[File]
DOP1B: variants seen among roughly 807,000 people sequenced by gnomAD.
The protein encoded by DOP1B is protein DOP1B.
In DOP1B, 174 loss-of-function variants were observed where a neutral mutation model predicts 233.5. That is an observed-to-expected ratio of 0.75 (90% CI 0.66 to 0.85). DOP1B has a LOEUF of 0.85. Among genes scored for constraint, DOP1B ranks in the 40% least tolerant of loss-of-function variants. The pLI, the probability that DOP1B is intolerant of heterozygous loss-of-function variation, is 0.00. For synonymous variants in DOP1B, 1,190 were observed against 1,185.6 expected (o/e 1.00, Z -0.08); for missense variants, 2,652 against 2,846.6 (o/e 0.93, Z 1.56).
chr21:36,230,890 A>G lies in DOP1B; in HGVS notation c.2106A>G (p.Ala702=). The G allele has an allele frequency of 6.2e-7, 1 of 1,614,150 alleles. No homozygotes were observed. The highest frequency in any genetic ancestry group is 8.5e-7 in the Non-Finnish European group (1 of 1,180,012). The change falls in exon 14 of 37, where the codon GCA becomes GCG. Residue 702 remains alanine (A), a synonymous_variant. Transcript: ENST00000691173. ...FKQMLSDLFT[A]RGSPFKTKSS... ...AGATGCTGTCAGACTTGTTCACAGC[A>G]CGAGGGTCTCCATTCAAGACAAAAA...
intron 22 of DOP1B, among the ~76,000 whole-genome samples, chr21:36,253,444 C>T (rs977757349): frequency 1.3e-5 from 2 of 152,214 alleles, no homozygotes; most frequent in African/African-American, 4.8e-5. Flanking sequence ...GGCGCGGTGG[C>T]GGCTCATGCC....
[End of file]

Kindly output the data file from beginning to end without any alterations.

DOP1B: variants seen among roughly 807,000 people sequenced by gnomAD.
The protein encoded by DOP1B is protein DOP1B.
In DOP1B, 174 loss-of-function variants were observed where a neutral mutation model predicts 233.5. That is an observed-to-expected ratio of 0.75 (90% CI 0.66 to 0.85). DOP1B has a LOEUF of 0.85. Among genes scored for constraint, DOP1B ranks in the 40% least tolerant of loss-of-function variants. The pLI, the probability that DOP1B is intolerant of heterozygous loss-of-function variation, is 0.00. For synonymous variants in DOP1B, 1,190 were observed against 1,185.6 expected (o/e 1.00, Z -0.08); for missense variants, 2,652 against 2,846.6 (o/e 0.93, Z 1.56).
chr21:36,230,890 A>G lies in DOP1B; in HGVS notation c.2106A>G (p.Ala702=). The G allele has an allele frequency of 6.2e-7, 1 of 1,614,150 alleles. No homozygotes were observed. The highest frequency in any genetic ancestry group is 8.5e-7 in the Non-Finnish European group (1 of 1,180,012). The change falls in exon 14 of 37, where the codon GCA becomes GCG. Residue 702 remains alanine (A), a synonymous_variant. Transcript: ENST00000691173. ...FKQMLSDLFT[A]RGSPFKTKSS... ...AGATGCTGTCAGACTTGTTCACAGC[A>G]CGAGGGTCTCCATTCAAGACAAAAA...
intron 22 of DOP1B, among the ~76,000 whole-genome samples, chr21:36,253,444 C>T (rs977757349): frequency 1.3e-5 from 2 of 152,214 alleles, no homozygotes; most frequent in African/African-American, 4.8e-5. Flanking sequence ...GGCGCGGTGG[C>T]GGCTCATGCC....